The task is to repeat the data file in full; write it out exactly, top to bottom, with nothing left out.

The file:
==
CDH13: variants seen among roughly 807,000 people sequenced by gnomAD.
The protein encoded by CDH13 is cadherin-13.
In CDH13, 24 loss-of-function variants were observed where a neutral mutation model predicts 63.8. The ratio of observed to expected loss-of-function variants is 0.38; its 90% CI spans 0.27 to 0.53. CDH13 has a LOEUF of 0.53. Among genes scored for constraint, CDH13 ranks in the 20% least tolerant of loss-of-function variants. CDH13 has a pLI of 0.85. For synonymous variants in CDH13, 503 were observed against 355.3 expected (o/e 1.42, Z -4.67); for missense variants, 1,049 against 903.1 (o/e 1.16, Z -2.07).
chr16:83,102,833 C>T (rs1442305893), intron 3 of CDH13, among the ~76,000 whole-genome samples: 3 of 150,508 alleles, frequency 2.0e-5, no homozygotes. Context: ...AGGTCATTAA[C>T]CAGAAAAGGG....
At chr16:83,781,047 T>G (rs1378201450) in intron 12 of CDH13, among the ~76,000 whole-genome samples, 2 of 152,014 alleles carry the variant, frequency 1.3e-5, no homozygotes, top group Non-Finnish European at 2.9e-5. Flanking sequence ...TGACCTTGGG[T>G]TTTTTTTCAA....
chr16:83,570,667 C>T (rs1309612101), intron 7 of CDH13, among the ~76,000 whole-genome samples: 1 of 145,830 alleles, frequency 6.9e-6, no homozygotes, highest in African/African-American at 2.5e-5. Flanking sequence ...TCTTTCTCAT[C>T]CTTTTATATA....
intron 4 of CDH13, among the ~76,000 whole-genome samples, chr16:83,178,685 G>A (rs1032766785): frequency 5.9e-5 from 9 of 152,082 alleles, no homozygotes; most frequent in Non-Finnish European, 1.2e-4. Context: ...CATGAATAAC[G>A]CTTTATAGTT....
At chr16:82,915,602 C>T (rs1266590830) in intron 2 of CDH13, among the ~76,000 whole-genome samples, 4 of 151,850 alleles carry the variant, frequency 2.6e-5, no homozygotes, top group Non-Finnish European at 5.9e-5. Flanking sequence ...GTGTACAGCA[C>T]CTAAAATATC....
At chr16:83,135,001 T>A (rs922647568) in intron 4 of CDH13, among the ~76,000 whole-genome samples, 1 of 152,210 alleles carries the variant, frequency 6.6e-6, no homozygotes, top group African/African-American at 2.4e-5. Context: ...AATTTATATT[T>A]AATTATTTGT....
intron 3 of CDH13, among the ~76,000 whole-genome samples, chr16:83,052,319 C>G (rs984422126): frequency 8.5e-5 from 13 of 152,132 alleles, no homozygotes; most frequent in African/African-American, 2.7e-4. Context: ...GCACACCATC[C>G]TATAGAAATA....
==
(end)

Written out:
CDH13: variants seen among roughly 807,000 people sequenced by gnomAD.
The protein encoded by CDH13 is cadherin-13.
In CDH13, 24 loss-of-function variants were observed where a neutral mutation model predicts 63.8. The ratio of observed to expected loss-of-function variants is 0.38; its 90% CI spans 0.27 to 0.53. CDH13 has a LOEUF of 0.53. Among genes scored for constraint, CDH13 ranks in the 20% least tolerant of loss-of-function variants. CDH13 has a pLI of 0.85. For synonymous variants in CDH13, 503 were observed against 355.3 expected (o/e 1.42, Z -4.67); for missense variants, 1,049 against 903.1 (o/e 1.16, Z -2.07).
chr16:83,102,833 C>T (rs1442305893), intron 3 of CDH13, among the ~76,000 whole-genome samples: 3 of 150,508 alleles, frequency 2.0e-5, no homozygotes. Context: ...AGGTCATTAA[C>T]CAGAAAAGGG....
At chr16:83,781,047 T>G (rs1378201450) in intron 12 of CDH13, among the ~76,000 whole-genome samples, 2 of 152,014 alleles carry the variant, frequency 1.3e-5, no homozygotes, top group Non-Finnish European at 2.9e-5. Flanking sequence ...TGACCTTGGG[T>G]TTTTTTTCAA....
chr16:83,570,667 C>T (rs1309612101), intron 7 of CDH13, among the ~76,000 whole-genome samples: 1 of 145,830 alleles, frequency 6.9e-6, no homozygotes, highest in African/African-American at 2.5e-5. Flanking sequence ...TCTTTCTCAT[C>T]CTTTTATATA....
intron 4 of CDH13, among the ~76,000 whole-genome samples, chr16:83,178,685 G>A (rs1032766785): frequency 5.9e-5 from 9 of 152,082 alleles, no homozygotes; most frequent in Non-Finnish European, 1.2e-4. Context: ...CATGAATAAC[G>A]CTTTATAGTT....
At chr16:82,915,602 C>T (rs1266590830) in intron 2 of CDH13, among the ~76,000 whole-genome samples, 4 of 151,850 alleles carry the variant, frequency 2.6e-5, no homozygotes, top group Non-Finnish European at 5.9e-5. Flanking sequence ...GTGTACAGCA[C>T]CTAAAATATC....
At chr16:83,135,001 T>A (rs922647568) in intron 4 of CDH13, among the ~76,000 whole-genome samples, 1 of 152,210 alleles carries the variant, frequency 6.6e-6, no homozygotes, top group African/African-American at 2.4e-5. Context: ...AATTTATATT[T>A]AATTATTTGT....
intron 3 of CDH13, among the ~76,000 whole-genome samples, chr16:83,052,319 C>G (rs984422126): frequency 8.5e-5 from 13 of 152,132 alleles, no homozygotes; most frequent in African/African-American, 2.7e-4. Context: ...GCACACCATC[C>G]TATAGAAATA....